February 21st, 2012 by grail21 in Projects, Video, Metalwork | Comment (1)

Sportster Project: Days 6, 7 & 8 - Part 2

Weekendupdate 2 -101-2
When we last left off, had my wheels off and ready to powdercoat and my tank needed to get the Frisco treatment. First stop: the land of 40oz, midgets and jackassery - Choppahead (oh, they build some pretty sweet bikes too). The CH dudes got some new digs, so I took the camera out for a few shots. Lots of cool builds going on, I’ll post more of those pics another time - but hit the read more link below for a few shots.

Read more…

March 27th, 2009 by grail21 in Projects, Home Built Motorcycles, '94 Sportster Project | Comments (4)

Sportster Project: Days 6, 7 & 8 - Part 1

Sportster Day1-101-1
Between working on the Greasebag, my regular work schedule and family life I’m getting behind on reporting on the Sportster progress. A ton of progress has been made in the last week so this incomplete photo and brain dump will have to suffice to get things back on track. (Pic above is of the bike before this all began.)

(Hit read more for the full update)

Read more…

March 25th, 2009 by grail21 in Projects, Home Built Motorcycles, '94 Sportster Project | Comments (11)

Sportster Handlebar Preview

Bars-100
I went to go see Jay Roche aka Special ‘79 this weekend to get some handlebars made up for the Sporty. Expect a full write with tons of pics in a couple days, but suffice to say Jay is a wizard. Here’s a shot of the man in action.

March 18th, 2009 by grail21 in Projects, Home Built Motorcycles, '94 Sportster Project | Comments (2)

Sportster Project: Day 5

I’m waiting for a bunch of parts to arrive, so the weekend wrench session was a bit uneventful. Top of of the list was fixing my seatpan cutting mishap. I cut the seat pan too short, but had a piece big enough to make everything work again.

3709Progress-85
JB Welded the 2 pieces together. With the amount of JB Weld I used, it might have been fine just like this. It was pretty solid, but I didn’t trust it. I was only using the JB as “glue” to make the fiberglass repair easier…

Read more…

March 11th, 2009 by grail21 in Projects, Home Built Motorcycles, '94 Sportster Project | Comments (2)

Sportster Project - Day 4

Let’s get on with it shall we? This is where we last left off:
Sportster02-105-1

Click the read more for the full progress report

Read more…

March 5th, 2009 by grail21 in Projects, Home Built Motorcycles, '94 Sportster Project | Comments (7)

The 1994 Sportster Project

As I mentioned previously, one of the projects I was looking at getting into this year was a mid-to late 90s Sportster that I wanted to give the modern japanese / bratstyle treatment to. So a few weeks back I scored a ‘94 1200 for a reasonable number of greenbacks, and this past Sunday, I was finally able to tear into it….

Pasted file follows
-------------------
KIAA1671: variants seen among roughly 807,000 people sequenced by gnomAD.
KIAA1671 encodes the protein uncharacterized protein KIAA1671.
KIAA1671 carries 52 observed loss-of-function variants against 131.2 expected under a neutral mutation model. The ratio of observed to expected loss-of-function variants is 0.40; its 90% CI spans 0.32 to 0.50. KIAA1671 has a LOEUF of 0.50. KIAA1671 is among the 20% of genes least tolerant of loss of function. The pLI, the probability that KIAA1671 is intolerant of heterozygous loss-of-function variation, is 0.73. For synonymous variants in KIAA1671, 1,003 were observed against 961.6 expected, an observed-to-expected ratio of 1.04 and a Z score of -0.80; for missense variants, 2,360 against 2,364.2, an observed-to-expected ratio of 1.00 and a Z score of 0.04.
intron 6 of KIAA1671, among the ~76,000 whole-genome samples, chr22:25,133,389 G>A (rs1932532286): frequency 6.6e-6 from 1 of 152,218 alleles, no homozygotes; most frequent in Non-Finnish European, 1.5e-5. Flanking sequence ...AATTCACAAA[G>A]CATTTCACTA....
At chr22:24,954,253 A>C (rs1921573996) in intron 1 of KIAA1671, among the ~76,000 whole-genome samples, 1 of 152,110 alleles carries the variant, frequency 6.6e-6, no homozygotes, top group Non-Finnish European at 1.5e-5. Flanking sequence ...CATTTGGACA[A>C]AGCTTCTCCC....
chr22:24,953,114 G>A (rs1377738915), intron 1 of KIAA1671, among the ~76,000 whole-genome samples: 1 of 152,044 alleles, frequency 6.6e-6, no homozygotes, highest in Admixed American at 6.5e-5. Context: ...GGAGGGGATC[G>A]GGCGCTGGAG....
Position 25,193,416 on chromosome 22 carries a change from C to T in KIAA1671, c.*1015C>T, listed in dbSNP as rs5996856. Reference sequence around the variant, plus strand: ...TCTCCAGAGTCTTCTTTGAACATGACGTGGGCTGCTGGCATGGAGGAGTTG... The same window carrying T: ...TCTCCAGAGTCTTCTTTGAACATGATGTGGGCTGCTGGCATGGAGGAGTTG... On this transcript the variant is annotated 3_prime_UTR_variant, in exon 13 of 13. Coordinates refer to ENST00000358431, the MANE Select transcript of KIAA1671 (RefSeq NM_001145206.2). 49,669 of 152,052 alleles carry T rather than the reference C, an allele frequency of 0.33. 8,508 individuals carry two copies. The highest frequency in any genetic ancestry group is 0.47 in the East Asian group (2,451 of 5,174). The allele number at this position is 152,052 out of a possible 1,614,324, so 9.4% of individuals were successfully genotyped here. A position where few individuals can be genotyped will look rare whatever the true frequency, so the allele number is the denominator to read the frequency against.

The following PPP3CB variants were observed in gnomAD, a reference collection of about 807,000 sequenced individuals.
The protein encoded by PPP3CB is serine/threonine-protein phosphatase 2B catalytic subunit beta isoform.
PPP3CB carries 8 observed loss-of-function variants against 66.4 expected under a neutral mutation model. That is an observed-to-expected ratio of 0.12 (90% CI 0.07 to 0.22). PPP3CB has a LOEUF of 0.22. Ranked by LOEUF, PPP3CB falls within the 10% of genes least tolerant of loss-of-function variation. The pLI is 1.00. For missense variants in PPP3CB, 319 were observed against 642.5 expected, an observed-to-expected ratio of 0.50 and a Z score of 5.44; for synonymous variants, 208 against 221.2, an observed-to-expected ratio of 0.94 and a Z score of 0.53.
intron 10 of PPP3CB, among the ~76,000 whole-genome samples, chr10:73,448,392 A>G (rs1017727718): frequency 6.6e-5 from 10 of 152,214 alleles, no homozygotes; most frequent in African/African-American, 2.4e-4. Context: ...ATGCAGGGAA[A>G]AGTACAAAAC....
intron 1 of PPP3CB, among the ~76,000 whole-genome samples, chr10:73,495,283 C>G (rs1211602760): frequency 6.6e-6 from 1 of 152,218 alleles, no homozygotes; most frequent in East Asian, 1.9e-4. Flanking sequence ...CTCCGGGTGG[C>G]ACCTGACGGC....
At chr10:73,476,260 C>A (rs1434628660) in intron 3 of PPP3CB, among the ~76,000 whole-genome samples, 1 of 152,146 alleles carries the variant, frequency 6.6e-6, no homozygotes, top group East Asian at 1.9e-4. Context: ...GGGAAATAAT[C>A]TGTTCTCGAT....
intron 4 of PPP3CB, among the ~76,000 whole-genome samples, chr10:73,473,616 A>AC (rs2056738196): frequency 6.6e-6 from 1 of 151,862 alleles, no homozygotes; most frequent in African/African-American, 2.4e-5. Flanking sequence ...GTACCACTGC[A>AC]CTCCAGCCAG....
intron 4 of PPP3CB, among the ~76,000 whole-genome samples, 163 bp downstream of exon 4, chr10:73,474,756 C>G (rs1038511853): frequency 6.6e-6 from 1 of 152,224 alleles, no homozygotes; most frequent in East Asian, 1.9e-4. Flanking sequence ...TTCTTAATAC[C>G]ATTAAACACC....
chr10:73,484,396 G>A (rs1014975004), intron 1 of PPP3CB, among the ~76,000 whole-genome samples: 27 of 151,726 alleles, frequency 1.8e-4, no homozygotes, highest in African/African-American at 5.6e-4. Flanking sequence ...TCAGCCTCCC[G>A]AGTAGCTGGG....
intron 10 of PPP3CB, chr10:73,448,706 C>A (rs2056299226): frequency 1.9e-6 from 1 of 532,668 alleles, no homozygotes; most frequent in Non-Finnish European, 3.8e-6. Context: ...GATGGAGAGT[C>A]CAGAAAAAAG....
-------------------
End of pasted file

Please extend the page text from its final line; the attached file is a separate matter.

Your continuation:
I started with this - your typical bone stock Sportster 1200 with bolt on, catalog tomfoolery. Overall, not too bad - plenty of reusable / hack-worthy bits. Time to get to work.

1994 Sportster Chopper Bobber Bratstyle

Click read more to see the rest…

Read more…

February 18th, 2009 by grail21 in KB News, Projects, Home Built Motorcycles, '94 Sportster Project | Comments (16)

Tigman Welding Pics

Tigman-408

I was flipping through my hard drive and stumbled on these pics of Dave (aka Tigman) that I totally forgot about. These were taken when Dave was welding on some brackets and other miscellaneous mounts to my Suzuki Savage chopper project. He was also was working on an oil tank for the Triumph chopper Chris built that he sold off earlier this year.

As always, I can’t say enough good things about Dave, especially when it comes to high quality welding work at a great price. Check out his website www.tanksbytigman.com and give him a call for any welding or metal work you may need.

Tigman-402Tigman-405Tigman-406
Tigman-404Tigman-407Tigman-403
Tigman-409Tigman-400-1Tigman-401

May 21st, 2008 by grail21 in Projects, Welding, Moto Art & Pics | Comments (7)

Savage Chopper Build: 90 degree intake manifold

Intake-102-1
I’ve been pretty bad about posting updates to the Suzuki Savage Chopper Project, but I have been working on it and slowly moving forward. I’ve still got a long laundry list of stuff to do, but I can see the light at the end of the tunnel. The goal is to have it done in time A more complete update coming soon, once I get a nice weekend day where I can actually roll her out of the shed, but for now, here’s a quick run through of the 90 degree intake manifold I made up.

I ordered up a 1- 3/4″ OD j-bend mandrel tube from amazon.com of all places. $20, plus free shipping since I ordered some other stuff that brought my order over $25. This stuff is also available at most auto supply stores (autozone, pepboys, etc..) although it was special order at all the local ones, and a few bucks more, which is why I went with amazon. If you have a place near you that has a mandrel bender, you can get them to bend you up some pipe, but it needs to be a mandrel bend. Press bends will be more oval shaped at the top of the bend, which won’t work. Mandrel bends will retain the same shape throughout the bend. Anyway, moving on…

1. Intake-100 2. Intake-101 3.Intake-103

Pics above:
1. Grabbed the pipe, threw it in the vise and took the sawzaw to it. One cut in the middle of the bend (yellow line) and then choppede up the straight part until I got the length I was looking for.

2. After the first cut

3. Finished piece inside the rubber mounting boot that attaches to the cylinder.

Now all I need to do is grab some radiator hose and clamps to attach the carb to the intake, and make a simple brace to support the carb so it’s not hanging free. Pretty easy and straightforward. I may change the bend to a 45 degree (instead of the 90) as the build progresses, but for now, this will work.

More thorough updates coming soon.

March 24th, 2008 by grail21 in How To, Projects | No Comments

Suzuki Savage Chopper Project: Update

Savage Jan 13 08

The latest bit of progress on the Suzuki Savage Chopper…